I received the following question:
I have always wondered how it was that the Corinthians who were “the ekklesia of God,” could have gotten so far out of the will of God concerning so many things. I Cor. 1:2 addresses these as “the ekklesia of God”. v.2-v.9 marks these believers out to be right with the Lord. Then Paul starts in on what is wrong, and the rest of I Cor. is mostly an indictment of what is wrong with this ekklesia. How could they have been the leaders of the believers and been that messed up? Does the direction of Paul’s dialogue change to the regular “Joe” at some point and it was they and not the “ekklesia” that was guilty of these sins?
Great question. No, I don’t think that the audience of the letter switches partway through to the average “Joe” believer in Corinth. The letter is addressed to the ekklesia, and the issues dealt with concern the ekklesia throughout. Clearly, though these men have been called to leadership positions in God’s kingdom as it existed at that time, nevertheless they were still far from perfect or sinless. They messed up in many and notable ways, and did things God’s leaders should never do. They had been set free from the law of sin and death, but they were in many ways still in the grip of their own failure until God would act to redeem them as well from their fallen bodies.
It is amazing to consider that, in spite of all the kingdom advantages they had at this time, the ekklesia of God in Corinth could get off the track like they obviously did, as the book of I Corinthians indicates. Yet I think this is another of those odd, Acts period things we find not only in Acts but also in the books written during the time the history of that book covers. The kingdom was only there in part. These men had entered that kingdom, and had even been given a rulership position in it, but they did not yet have the full advantages that kingdom would give them, like new, sinless bodies. Therefore, they were not entirely the kind of people the kingdom will produce as its leaders when it comes in full.
There are multiple examples of things that would happen in the Acts period that we would suspect one could not get away with in the kingdom when it will have fully come in. For one thing, in III John, we read of a man named Diotrephes who had taken preeminence among the ekklesia, and was using that position to reject John’s letters, and also to turn away from hospitality brothers who came to them from other places. John promises to take care of this matter when he comes. However, until he went there, it seems that Diotrephes was able to get away with his selfish and ungodly actions. There would be kingdom punishment, it seems, but only when John was present in person. When John was not there, Diotrephes got away with it.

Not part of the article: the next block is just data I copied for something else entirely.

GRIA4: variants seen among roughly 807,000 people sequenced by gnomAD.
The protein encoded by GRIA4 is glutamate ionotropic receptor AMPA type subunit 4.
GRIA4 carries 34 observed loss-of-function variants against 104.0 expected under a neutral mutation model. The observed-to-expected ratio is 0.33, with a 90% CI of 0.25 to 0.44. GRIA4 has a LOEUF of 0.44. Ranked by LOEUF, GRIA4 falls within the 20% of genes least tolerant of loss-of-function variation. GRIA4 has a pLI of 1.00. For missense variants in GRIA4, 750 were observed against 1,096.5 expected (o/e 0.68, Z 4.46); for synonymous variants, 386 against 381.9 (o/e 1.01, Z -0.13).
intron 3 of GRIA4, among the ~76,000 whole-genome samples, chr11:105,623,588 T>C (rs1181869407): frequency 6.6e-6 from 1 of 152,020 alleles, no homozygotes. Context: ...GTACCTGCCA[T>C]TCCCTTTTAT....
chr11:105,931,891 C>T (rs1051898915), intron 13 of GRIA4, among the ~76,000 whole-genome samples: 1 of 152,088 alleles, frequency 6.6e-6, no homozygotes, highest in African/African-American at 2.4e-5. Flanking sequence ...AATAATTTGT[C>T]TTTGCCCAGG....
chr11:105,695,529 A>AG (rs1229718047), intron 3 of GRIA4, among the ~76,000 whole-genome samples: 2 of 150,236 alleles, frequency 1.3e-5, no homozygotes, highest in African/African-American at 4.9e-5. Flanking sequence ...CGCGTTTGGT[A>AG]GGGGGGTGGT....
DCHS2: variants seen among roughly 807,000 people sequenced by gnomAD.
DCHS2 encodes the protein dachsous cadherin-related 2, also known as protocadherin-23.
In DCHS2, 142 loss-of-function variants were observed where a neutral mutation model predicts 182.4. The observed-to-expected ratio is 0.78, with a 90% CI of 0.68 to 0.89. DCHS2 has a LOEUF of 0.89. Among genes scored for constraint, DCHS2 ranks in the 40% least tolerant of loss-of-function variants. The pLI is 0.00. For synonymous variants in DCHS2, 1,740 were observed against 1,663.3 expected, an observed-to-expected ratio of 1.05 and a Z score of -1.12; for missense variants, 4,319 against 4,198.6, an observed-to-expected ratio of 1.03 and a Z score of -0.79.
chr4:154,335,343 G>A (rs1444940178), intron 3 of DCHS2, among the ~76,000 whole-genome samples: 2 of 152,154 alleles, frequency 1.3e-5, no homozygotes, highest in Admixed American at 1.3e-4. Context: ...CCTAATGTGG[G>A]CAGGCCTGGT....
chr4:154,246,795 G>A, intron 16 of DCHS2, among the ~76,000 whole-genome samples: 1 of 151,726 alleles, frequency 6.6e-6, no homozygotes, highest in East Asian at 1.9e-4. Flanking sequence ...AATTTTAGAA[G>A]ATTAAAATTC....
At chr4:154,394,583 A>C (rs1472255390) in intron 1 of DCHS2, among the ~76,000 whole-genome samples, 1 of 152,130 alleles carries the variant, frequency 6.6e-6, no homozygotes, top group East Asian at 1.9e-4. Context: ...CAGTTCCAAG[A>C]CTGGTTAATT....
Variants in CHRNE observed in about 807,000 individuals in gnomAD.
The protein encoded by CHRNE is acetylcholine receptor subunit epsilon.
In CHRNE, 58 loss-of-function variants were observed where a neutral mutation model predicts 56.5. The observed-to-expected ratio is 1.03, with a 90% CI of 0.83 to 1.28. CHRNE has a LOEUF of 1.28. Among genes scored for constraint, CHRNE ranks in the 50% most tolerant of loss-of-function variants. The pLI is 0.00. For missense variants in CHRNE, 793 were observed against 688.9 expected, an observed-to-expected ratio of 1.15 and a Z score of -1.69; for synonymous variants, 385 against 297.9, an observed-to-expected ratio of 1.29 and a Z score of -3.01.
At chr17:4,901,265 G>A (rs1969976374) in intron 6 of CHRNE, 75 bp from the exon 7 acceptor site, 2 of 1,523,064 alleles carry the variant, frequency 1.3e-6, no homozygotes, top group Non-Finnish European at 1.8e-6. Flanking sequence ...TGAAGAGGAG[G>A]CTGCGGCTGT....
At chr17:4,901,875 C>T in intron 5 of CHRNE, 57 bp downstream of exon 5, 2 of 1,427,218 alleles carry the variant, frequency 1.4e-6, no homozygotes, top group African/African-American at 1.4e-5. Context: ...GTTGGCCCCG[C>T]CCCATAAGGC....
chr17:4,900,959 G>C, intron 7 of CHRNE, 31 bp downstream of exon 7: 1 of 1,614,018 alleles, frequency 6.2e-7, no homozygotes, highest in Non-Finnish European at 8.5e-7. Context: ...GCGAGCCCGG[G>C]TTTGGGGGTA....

It seems as if there are many things in the Acts period which were dependent upon God’s representatives being present, or doing what they were supposed to be doing. The Corinthian ekklesia should have mourned at the deed of the man who had his father’s wife and brought him into judgment. Instead, they didn’t do this, but became puffed up that they were so gracious as to receive him. Paul admonishes them to do what they should have done. Even the least esteemed man among them had the power to deliver this man to Satan for the destruction of the flesh, and they should do that. So the kingdom was there, but it would not act until those to whom God had given the authority would do their job. Even when Ananias and Sapphira died, it was not until God’s representative Peter said they should. God could sometimes act on His Own, as He did in the case of Tabitha, but generally He worked through His apostles and other ekklesia men.
When it comes right down to it, this might not be all that different from the way it will be when the full kingdom comes. God is going to set up a government on what we might call the “flow” system, and I think that most of the time He will use it. God’s plan is not to do everything in the kingdom Himself and all we will be doing is being subject to it. God plans to use us in this work, and I doubt He will often bypass the system of people He has set up. The difference there is that the people He uses will be remade in His likeness, whereas the rulers in the Acts period were still in their sinful bodies, and so failed more often and more spectacularly than rulers in the full kingdom will ever do. Yet I think the principle that God will often wait to act until He can act through His people will be the same.
For example, if someone dies in the kingdom in an accident, God could immediately reverse it and spring the person back to life. Yet far more likely He will wait for His designated healer to show up, and then will do the job through that person. It is not necessary for Him to do this, of course, and if there is some reason He should, He will be able to fix the problem Himself on the spot. It will be the privilege of those ekklesia men that that is how God will choose to work, not any necessity on His part. So probably many of the problems we see in the Acts period were because of just that: God was choosing to act through His representatives rather than directly on His Own, and His representatives at that time were not yet nearly what they should have been. Yet interestingly, He chose to act that way anyway. Much more, that is how He will act when His rulers are remade to conform to His image.